Rolls-Royce Holdings Plc, the world’s second-largest aircraft-engine maker, said profit rose in line with estimates, buoyed by a backlog of orders from Boeing Co. and Airbus SAS.
Pretax profit for the full-year 2011, including matured hedging positions, increased to 1.16 billion pounds ($1.8 billion) from 955 million pounds, the London-based company said Thursday. Analysts predicted profit of 1.13 billion pounds, according to the average of 19 estimates in a Bloomberg survey. Underlying sales added 4 percent, to 11.3 billion pounds.
The company, which employs about 4,500 people in Indianapolis, doesn't break out results for U.S. operations. North America CEO James Guyette noted that in 2011 the company expanded its operations in Virginia and Indiana, following a global competition for work within the company.
Rolls-Royce decided last fall to shift production of the banded stator jet-engine component to Indianapolis in 2013. The move will result in the building of a new production line and the hiring an additional 100 people through 2017.
The company recently announced it will spend $50 million to add a second jet-engine test stand in Mississippi, and Guyette said he anticipates additional investments in 2012. “Our investments will help Rolls-Royce fulfill its $96 billion order book in four global markets—civil aerospace, defense aerospace, marine and energy,” Guyette said in a prepared statement.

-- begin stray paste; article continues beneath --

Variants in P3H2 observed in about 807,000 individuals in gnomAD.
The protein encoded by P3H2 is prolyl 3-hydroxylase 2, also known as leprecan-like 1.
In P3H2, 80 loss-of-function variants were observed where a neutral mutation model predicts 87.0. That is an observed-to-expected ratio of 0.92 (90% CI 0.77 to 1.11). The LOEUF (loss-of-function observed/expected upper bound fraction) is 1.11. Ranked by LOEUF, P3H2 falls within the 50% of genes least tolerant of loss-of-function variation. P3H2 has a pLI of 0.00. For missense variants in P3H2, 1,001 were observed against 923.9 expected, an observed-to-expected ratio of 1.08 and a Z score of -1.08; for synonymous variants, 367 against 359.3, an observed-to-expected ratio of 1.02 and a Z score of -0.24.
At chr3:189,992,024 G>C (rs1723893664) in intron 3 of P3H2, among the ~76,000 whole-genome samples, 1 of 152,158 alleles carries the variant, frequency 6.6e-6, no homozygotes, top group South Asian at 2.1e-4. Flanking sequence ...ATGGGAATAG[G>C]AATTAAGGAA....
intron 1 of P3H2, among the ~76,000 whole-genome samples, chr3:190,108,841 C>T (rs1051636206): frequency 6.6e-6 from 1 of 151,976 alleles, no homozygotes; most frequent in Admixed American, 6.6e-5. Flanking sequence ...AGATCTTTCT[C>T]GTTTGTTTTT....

Rolls-Royce’s order book swelled to a record 62.2 billion pounds as customers Airbus and Boeing benefited from airlines upgrading to more fuel-efficient models and growth in air travel in emerging markets. Profit also got a boost from a 60 million-pound payment from the United Kingdom government for the early cancellation of contracts, including one for the Rolls-Royce-powered Harrier jumpjet.
“We continue to benefit from a broad portfolio, a large and growing customer base and access to markets where demand remains strong for our products and services,” CEO John Rishton said. “For 2012 we expect good growth in both underlying revenue and underlying profit with cash flow around break-even as we continue to invest in future growth.”
Boeing started deliveries of its 787 Dreamliner model, for which GE and Rolls supply engines. Rolls-Royce also competes with a joint venture of General Electric and Pratt & Whitney to build engines for the A380, the world’s largest passenger aircraft. Rolls-Royce is the only supplier for Airbus’s upcoming A350 wide-body aircraft.
Last year, the company incurred a one-time charge to fix a fault on A380 engines following the disintegration of a Trent 900 engine on a Qantas Airways Ltd. flight.
Rolls-Royce generates the majority of sales from the civil aerospace market, with the remainder spread across its marine, defense and energy businesses.